Their chemistry around the dinner table is palpable, although, as Troy notes, “We’re such a random group of girls. Like everyone at St. Andrew’s, we knew each other, but I don’t think this group would have formed outside of wrestling.”
The group is anchored by Kwon, the only one of the five who had a year of wrestling experience under her belt before going into this school year.
According to her, the room is a place so sacred and intimidating (at first) that it took her three days to get up the nerve to finally walk in in 2021.
“The first Monday that winter sports started, I came to the room, saw all the guys, left and ran three laps to try to work up the nerve to come in,” she says. “Tuesday, I did the same. Wednesday, I did the same three laps, but went in after. And it was completely fine. It's an incredible environment. Once you do that first practice, you know if wrestling is for you.”
Before wrestling, Reid says she wasn’t “sporty.” “I am not an athletic-associated person,” she says, laughing. But when wrestling captain Nick Osborune ’23 overheard Reid deliberating over picking a winter sport, he told her she should wrestle.
“I said, ‘Okay, no.’ And Nick said, ‘Fine, be a wuss about it,’” Reid remembers. “At that point, it became a challenge, so I thought, ‘Let me see what it’s about.’”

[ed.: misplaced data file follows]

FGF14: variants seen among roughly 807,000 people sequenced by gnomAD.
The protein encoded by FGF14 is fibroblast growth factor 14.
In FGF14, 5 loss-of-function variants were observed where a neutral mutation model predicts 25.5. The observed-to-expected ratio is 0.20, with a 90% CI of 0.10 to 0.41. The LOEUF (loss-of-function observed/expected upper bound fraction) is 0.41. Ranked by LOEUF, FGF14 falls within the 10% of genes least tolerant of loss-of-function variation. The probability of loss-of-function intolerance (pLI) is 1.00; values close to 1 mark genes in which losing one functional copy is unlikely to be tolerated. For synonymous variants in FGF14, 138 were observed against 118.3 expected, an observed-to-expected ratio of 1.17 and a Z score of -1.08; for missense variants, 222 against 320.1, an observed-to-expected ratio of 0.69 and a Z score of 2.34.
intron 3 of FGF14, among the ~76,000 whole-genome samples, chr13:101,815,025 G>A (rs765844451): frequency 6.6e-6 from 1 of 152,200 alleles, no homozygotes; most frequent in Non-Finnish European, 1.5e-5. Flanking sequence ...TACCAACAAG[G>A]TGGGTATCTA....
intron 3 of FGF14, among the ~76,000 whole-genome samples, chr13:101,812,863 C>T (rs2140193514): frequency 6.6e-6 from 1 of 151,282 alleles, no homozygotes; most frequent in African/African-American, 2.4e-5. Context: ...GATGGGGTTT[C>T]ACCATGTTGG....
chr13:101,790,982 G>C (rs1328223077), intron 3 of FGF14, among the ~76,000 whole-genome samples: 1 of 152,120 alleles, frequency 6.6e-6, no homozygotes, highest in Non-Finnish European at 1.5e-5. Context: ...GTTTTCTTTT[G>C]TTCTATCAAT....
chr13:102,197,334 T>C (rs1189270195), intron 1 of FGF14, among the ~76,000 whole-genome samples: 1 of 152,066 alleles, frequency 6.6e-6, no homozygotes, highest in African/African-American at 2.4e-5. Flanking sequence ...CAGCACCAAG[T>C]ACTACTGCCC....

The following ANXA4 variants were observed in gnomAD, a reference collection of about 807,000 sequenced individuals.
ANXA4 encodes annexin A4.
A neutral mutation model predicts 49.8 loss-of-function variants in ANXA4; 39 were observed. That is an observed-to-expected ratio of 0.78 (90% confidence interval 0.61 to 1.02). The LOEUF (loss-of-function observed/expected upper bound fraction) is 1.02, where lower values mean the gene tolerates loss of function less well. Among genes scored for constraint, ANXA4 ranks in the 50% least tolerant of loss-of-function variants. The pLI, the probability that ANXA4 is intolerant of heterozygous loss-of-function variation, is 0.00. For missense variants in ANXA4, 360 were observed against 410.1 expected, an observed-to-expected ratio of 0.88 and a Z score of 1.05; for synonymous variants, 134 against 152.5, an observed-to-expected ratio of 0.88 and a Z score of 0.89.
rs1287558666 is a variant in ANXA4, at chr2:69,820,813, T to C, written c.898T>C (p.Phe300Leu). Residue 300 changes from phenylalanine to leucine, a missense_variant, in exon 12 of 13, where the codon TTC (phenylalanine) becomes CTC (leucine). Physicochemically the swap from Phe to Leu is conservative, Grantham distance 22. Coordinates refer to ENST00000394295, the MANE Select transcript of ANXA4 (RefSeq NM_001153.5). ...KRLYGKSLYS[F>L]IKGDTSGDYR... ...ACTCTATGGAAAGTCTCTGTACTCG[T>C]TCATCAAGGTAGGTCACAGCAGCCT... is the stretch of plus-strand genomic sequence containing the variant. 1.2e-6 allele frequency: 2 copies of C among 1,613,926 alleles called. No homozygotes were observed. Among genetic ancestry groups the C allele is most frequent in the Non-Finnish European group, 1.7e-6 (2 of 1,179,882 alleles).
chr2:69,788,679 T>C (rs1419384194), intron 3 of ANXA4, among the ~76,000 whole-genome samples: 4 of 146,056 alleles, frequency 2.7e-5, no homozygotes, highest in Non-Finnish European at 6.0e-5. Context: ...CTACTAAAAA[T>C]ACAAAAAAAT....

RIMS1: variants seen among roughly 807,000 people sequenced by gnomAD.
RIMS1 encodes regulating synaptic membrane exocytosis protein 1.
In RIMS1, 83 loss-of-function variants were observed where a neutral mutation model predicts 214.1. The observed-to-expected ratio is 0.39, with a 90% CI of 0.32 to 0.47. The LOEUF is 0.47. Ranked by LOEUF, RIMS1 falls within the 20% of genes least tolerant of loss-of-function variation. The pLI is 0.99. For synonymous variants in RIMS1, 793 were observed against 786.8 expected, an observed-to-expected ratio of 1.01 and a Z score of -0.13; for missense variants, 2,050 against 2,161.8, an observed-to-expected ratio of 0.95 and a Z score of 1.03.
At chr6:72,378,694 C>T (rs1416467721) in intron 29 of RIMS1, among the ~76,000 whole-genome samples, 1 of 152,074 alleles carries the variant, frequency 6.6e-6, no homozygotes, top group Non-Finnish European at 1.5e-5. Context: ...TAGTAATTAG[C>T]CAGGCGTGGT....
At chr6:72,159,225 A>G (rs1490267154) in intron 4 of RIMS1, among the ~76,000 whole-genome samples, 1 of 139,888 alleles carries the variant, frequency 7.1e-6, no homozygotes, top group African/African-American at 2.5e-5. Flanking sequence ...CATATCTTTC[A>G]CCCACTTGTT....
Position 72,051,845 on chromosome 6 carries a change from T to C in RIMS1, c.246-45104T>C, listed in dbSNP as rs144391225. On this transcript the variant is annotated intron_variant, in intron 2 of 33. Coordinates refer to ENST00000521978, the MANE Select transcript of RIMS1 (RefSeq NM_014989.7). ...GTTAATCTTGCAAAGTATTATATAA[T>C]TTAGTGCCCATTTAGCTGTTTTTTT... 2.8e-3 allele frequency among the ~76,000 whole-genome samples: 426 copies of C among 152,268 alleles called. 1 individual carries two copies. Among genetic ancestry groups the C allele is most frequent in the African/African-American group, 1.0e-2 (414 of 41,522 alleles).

“Philly D,” as the girls call head wrestling coach Phil Davis, told Reid she could take a week to decide if wrestling was for her. ““A low-stakes, free trial,” Reid says. “The first week I was like, am I really this out of shape? This is crazy.”
At one point, though, Reid paused, looked around and saw four other girls who were clawing away. “I’m in pain, they’re in pain; we’re working, grunting, sweating … I knew then I couldn’t leave.”
Klecan came to wrestling because she likes to depend on herself. “The individual aspect is what does it for me,” she says. “The first day, I was like, hold on, I can't do 15 pushups. But then I came back the next day and everybody was still there, I was like, okay, this time maybe I'll get two [on-toes] pushups in.” Now she cranks out her 15 and then some. “The build-up to that full encompassing feeling of ‘I belong here’ was like nothing else,” she says.
King, a new sophomore this year, needed a winter sport. She knew Kwon and her love for wrestling. There’s also this about the impish King, which nudged her toward the room: “I like doing things that people wouldn’t expect me to do,” she says. “I knew I loved wrestling almost immediately because there's just something about the environment of the room, the community and support—it was the first time I’d felt that since I came to St. Andrew’s.”